Don't Buy Stocks, Buy Politicians! The Returns are Better

Buy a Senator or two and watch your returns explode!

In these perilous economic times, we see a lot of financial advice flying by.  People tell us to buy gold, or sell gold, or speculate in oil futures, or put money into this or that sure-fire investment.

What they don't realize is that investing in stocks is for penny-ante punters.  If you want real profits, you don't buy stocks, you buy politicians.

Invest Where The Money Is

Human beings, and thus government, have been around for a long time.  The Chinese are said to have invented bureaucracy around 5,000 years ago and the Egyptians needed a pretty capable bureaucracy when building the pyramids.  Some 2,500 years ago, Confucius pointed out that given enough time, bureaucrats would push up government spending to the point that society would collapse.

His prediction is playing out in America.  Ever since the Great Society, government spending has been growing faster than the economy except for a few years when Pres. Reagan managed to slow government growth a bit.  It's hard to whack back a bureaucracy - government expenditure tends to grow in good times as well as in bad times.

Confucius is the first writer we know to have documented the fact that government growth eventually makes everything collapse;  we've called this the Confucian Cycle.

We recently came across another of Confucius' wise sayings - "When prosperity comes, don't spend all of it."  Governments ignore that rule just as they ignore his rules about the dangers of excessive bureaucracy.

During the period of prosperity which ended in the recent financial crash, state income tax revenue went up because personal income went up.  What did the state governments do with their bounty?

They not only spent it all, they spent more than all of it.  For every extra dollar they received, the State of California spent $1.40.  Now that the party's over, they're having a hard time cutting back.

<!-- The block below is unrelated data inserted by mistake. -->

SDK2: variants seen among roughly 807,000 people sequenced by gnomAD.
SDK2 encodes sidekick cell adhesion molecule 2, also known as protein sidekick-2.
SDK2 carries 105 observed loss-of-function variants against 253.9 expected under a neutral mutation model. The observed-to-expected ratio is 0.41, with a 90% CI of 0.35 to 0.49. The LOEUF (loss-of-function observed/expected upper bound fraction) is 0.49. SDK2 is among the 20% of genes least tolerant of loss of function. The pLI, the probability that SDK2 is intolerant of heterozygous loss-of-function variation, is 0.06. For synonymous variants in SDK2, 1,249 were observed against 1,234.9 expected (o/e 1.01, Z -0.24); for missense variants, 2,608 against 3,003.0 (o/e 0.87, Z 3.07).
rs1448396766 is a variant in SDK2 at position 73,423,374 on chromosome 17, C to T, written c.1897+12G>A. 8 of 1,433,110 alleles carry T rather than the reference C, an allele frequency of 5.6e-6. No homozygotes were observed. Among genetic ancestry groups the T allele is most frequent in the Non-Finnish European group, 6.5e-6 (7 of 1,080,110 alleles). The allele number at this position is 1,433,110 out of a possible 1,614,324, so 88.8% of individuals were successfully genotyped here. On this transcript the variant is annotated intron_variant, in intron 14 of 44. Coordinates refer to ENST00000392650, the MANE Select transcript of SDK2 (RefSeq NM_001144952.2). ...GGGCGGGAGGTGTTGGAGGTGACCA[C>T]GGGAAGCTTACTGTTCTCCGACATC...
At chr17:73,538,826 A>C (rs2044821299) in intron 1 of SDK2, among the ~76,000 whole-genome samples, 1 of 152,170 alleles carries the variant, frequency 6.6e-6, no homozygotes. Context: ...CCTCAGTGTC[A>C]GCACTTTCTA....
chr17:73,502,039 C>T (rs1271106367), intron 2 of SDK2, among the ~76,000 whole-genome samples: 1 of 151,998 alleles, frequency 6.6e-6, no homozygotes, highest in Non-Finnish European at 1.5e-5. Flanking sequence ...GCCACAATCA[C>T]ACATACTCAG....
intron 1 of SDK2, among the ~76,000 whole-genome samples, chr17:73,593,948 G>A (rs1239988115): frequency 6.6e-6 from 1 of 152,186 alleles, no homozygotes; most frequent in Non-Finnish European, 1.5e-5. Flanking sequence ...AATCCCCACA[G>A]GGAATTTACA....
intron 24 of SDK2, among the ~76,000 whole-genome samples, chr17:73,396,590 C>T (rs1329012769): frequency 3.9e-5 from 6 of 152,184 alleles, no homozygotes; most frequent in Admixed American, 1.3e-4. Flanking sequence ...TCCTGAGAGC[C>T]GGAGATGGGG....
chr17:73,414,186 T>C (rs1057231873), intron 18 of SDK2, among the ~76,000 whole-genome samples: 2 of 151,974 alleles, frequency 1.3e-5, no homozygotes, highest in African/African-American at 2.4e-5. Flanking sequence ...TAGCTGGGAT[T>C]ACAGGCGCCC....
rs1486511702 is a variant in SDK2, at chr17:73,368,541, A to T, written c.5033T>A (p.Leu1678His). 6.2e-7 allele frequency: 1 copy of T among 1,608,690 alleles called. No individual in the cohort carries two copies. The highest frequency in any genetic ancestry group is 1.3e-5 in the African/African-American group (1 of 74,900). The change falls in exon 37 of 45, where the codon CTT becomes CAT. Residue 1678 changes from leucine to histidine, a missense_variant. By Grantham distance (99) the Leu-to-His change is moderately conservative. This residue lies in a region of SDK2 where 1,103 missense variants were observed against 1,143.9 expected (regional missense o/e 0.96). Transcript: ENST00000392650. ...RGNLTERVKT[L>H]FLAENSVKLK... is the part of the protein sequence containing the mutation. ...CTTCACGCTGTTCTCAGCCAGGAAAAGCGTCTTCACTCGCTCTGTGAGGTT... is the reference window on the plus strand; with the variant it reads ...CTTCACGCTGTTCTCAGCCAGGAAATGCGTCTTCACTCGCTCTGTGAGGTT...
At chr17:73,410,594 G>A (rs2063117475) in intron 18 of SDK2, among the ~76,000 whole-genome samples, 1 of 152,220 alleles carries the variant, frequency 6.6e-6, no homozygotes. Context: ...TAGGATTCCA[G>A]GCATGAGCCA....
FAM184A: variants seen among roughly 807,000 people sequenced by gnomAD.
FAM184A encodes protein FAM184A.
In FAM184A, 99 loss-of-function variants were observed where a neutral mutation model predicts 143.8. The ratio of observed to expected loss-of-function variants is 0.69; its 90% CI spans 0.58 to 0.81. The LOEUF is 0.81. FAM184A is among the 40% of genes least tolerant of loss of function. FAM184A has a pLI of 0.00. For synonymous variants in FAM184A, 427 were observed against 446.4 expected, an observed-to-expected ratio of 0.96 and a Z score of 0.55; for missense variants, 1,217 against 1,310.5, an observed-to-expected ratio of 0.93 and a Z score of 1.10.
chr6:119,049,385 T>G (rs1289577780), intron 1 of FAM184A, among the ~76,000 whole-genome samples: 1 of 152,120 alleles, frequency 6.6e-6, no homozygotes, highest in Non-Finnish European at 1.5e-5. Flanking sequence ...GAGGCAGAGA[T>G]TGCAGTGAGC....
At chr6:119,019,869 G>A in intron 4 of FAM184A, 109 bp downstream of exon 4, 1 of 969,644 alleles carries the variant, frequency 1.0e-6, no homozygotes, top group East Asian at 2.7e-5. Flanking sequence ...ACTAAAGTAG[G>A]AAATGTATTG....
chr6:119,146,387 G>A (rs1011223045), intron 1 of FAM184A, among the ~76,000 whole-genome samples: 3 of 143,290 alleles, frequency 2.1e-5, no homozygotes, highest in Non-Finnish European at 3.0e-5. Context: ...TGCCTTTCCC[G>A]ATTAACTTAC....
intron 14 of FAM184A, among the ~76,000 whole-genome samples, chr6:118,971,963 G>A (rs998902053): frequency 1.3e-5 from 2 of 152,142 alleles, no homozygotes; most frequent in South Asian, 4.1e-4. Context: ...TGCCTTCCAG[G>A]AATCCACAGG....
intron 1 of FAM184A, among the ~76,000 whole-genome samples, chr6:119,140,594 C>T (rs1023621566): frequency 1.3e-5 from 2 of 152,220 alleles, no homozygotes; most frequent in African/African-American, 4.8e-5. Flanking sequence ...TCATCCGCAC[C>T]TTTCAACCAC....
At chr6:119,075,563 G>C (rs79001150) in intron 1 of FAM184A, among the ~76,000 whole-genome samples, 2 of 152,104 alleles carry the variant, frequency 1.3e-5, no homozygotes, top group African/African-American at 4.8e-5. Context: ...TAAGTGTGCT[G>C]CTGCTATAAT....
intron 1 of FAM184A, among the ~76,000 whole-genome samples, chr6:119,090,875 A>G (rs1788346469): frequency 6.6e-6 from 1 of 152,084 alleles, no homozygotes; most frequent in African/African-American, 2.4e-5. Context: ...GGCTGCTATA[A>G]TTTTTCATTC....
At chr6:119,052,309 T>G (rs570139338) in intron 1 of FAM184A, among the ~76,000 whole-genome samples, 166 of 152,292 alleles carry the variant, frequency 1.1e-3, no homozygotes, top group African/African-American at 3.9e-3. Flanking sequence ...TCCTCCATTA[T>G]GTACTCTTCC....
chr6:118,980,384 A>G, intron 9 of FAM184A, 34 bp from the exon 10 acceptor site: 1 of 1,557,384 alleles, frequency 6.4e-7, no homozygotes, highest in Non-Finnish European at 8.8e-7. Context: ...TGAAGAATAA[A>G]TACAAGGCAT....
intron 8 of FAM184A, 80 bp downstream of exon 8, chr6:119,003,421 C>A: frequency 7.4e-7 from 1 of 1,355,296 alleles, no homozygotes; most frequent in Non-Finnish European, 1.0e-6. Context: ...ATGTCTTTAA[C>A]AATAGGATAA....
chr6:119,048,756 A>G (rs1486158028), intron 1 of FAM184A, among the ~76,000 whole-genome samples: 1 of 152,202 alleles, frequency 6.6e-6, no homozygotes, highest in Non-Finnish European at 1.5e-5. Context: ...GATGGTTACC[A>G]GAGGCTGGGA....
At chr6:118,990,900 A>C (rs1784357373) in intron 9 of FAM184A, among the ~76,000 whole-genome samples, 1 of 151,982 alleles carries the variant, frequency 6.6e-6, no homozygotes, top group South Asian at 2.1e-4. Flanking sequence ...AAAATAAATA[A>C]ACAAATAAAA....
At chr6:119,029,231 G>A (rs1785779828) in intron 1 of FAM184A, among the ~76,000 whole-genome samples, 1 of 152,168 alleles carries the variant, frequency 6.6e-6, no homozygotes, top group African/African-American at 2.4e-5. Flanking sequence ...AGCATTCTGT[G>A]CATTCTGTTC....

Where Did the Money Go?

Whenever government agencies start a new program, a great deal of the money goes to pay bureaucrats to manage whatever the program is supposed to do.  Most state employees are unionized; new employees must join the union as a condition of employment.  Thus, for every new body government takes on, the union gets more dues money.

It's in the union's interest to have government take on more and more employees regardless of what if anything those employees do.  Each one is worth so much per month in dues paid to the union.

It's not news that companies have been buying politicians by giving kickbacks in the form of campaign contributions.  Labor unions have always contributed to political campaigns and encouraged their members to volunteer for "get out the vote" drives.  What's beginning to make the news is how unions are buying politicians wholesale.

Labor unions contributed hundreds of millions of dollars to Mr. Obama's presidential campaign.  He paid them back by giving billions to GM and Chrysler and by prostituting the bankruptcy process so that the union was treated far better than creditors who had stronger rights than they did.  The UAW got a magnificent return on its investment.

We see the same sort of influence-buying being played out at the state level.  The New York Times has reported that New York State is in pretty bad shape - it's facing a $3 billion deficit this year and a $10 billion deficit next year.  You'd think that the politicians would be working with the governor to balance the budget, but you'd be wrong.

The Times reports that Sen. Kruger is fighting the very idea of spending cuts.

Mr. Kruger, a Brooklyn Democrat who is the chairman of the Senate Finance Committee, has amassed a campaign war chest of $2.1 million, in part because of generous contributions from his labor union allies[emphasis added]

Despite a deficit of more than $3 billion, Mr. Kruger has threatened to block any significant cuts to health care and education, the biggest spending areas in the budget.  He has presented his own budget plan, which has startled even Albany veterans for its reliance on one-time maneuvers and financial gimmickry.

New York spends about twice as much on health care and on education as other states average, but these taxpayer-funded agencies employ a lot of union members.  In addition to giving money to Sen. Kruger, the union recently sent 2,000 members to Albany to rally against cuts.  One wonders how much taxpayer money was spent paying them for their time?

The governor had proposed cutting several hundred million dollars from each of these spending categories.  If the unions' payments to Sen. Kruger avoid the cuts and keep the money flowing to their members, they will have received a huge return on their investment.

Don't buy stocks, buy politicians!

Unfortunately, when investing in politicians pays better than investing in the real economy, the smartest people will go into politics rather than going into business.  Since government doesn't produce anything, diverting people from the productive part of the economy into the value-destroying part brings us that much closer to the Confucian Collapse.

Will Offensicht is a staff writer for and an internationally published author by a different name.  Read other articles by Will Offensicht or other articles on Politics.
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